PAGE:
Now that the front is on the car I am able to finish wiring the headlights. I pre-built the loom to go across the front of the car to the LH lights when I added the relays however I was unable to run it across until the front support panel had been installed. The loom will run in the channel which supports the Engine Hood Catch (forward of the radiator).
Once I had the length correct, I had to assemble and solder the connectors for the outside lamp.
Once the wire was inserted in the connector, I applied heat with the soldering iron from the bottom to make sure the solder doesn’t feed up into the connector. This has happened to me before, and it is a real pain to undo.
I then assembled the connector and wrapped the loom including the earth wires so it looks like it is meant to be there.
I installed the loom and connected it all up. Pretty happy how it looked when it was finished.
The most important part was switching the headlights on…..
There was however an issue. When I put the parking lights on, there was nothing. 15 minutes playing around with the headlight switch revealed that there was a conductivity issue with one of the switch contacts which is riveted to the positive rail. The only way I could think to fix it without damaging the switch was to clean and solder where the rivet came through the 12V rail. This was real fiddly, as it was under the bi-metallic strip but I eventually got there. I hope it lasts as I am not sure what I would do next if it fails again. When I connected the switch back in I had parking lights and fog lights. 🙂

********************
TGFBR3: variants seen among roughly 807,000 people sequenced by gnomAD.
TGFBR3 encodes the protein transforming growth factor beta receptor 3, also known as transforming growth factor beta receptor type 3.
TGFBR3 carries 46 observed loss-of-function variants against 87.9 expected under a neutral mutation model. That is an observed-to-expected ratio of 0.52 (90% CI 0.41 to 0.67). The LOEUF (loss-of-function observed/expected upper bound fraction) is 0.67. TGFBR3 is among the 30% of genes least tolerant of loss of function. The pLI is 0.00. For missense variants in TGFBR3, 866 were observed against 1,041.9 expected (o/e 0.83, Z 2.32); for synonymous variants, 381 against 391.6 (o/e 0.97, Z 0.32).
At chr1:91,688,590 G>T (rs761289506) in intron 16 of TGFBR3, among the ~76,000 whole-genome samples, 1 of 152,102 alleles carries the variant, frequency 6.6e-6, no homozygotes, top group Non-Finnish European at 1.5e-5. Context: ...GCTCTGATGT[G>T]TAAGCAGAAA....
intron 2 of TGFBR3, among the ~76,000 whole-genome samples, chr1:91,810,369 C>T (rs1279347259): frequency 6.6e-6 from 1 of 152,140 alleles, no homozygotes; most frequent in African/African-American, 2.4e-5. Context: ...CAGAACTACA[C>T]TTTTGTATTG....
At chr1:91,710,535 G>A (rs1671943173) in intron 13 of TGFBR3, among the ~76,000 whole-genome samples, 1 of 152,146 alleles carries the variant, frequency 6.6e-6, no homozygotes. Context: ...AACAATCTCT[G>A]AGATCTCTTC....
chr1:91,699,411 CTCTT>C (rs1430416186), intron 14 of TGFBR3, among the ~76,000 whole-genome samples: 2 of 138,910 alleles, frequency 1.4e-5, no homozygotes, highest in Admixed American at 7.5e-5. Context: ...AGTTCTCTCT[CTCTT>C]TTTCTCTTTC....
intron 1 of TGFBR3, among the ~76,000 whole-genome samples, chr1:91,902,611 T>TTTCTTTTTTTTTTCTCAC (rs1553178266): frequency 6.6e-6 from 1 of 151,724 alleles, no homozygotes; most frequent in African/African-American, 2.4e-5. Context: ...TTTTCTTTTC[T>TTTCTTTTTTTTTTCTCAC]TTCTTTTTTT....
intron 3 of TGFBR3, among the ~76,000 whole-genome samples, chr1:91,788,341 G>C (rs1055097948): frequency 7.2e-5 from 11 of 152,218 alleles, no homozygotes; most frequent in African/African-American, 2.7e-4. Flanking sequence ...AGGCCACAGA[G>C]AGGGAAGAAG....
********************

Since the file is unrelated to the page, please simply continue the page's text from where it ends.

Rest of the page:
Rear Bearing Seals
I had a closer look at the rear bearings, and the o-ring seals were flattened off to a point where they would not have been making contact with the bore. I removed the seals and cleaned up the bearings. Everything looks pretty good, so I decided that I will re-use the bearings, so I did some measuring up of the bearing and bore in the diff housing.
Now that I have all of the dimensions I am going to visit a seal specialist in Dandenong ( http://www.oringandrubberseal.com.au/ ) to see if they have a pair of o-rings for me. I have nothing to lose, and if it works, it has saved me $300+ for new rear bearings.
I also spent 10 minutes degreasing the LH Rear Brake Drum as it was pretty messy with gear oil on the inside and outside surfaces.
Engine Hood Sound Absorber
The ’59 Cadillac originally had a sound absorbing panel attached to the underside of the Engine Hood. I bought some reproduction sound absorber a while ago, and it makes much more sense to install it before the hood is back on the car. The Engine Hood had rusty coolant on it from a hose that obviously let go some time after it was painted. I tried to remove it with soap and water however it wasn’t very effective as it had a greasy element to it. In the end I had to use White Spirits to clean it all off.
Once it was looking better I gave it all (except where the panel will be installed) a coat of polish.
I then masked up the hood and also made a brown paper template for the sound panel. I used the template to cut out the shape using a brand new knife blade.
Next I gave the sound absorbing panel and the Engine Hood a coat of 3m High Strength Contact Adhesive.
After waiting for a couple of minutes I installed the panel. You only get one shot at this so I took my time to get it right. Once I had pressed it on firmly I removed the masking. It turned out pretty good in the end.
The Engine Hood is now ready to go back on the car.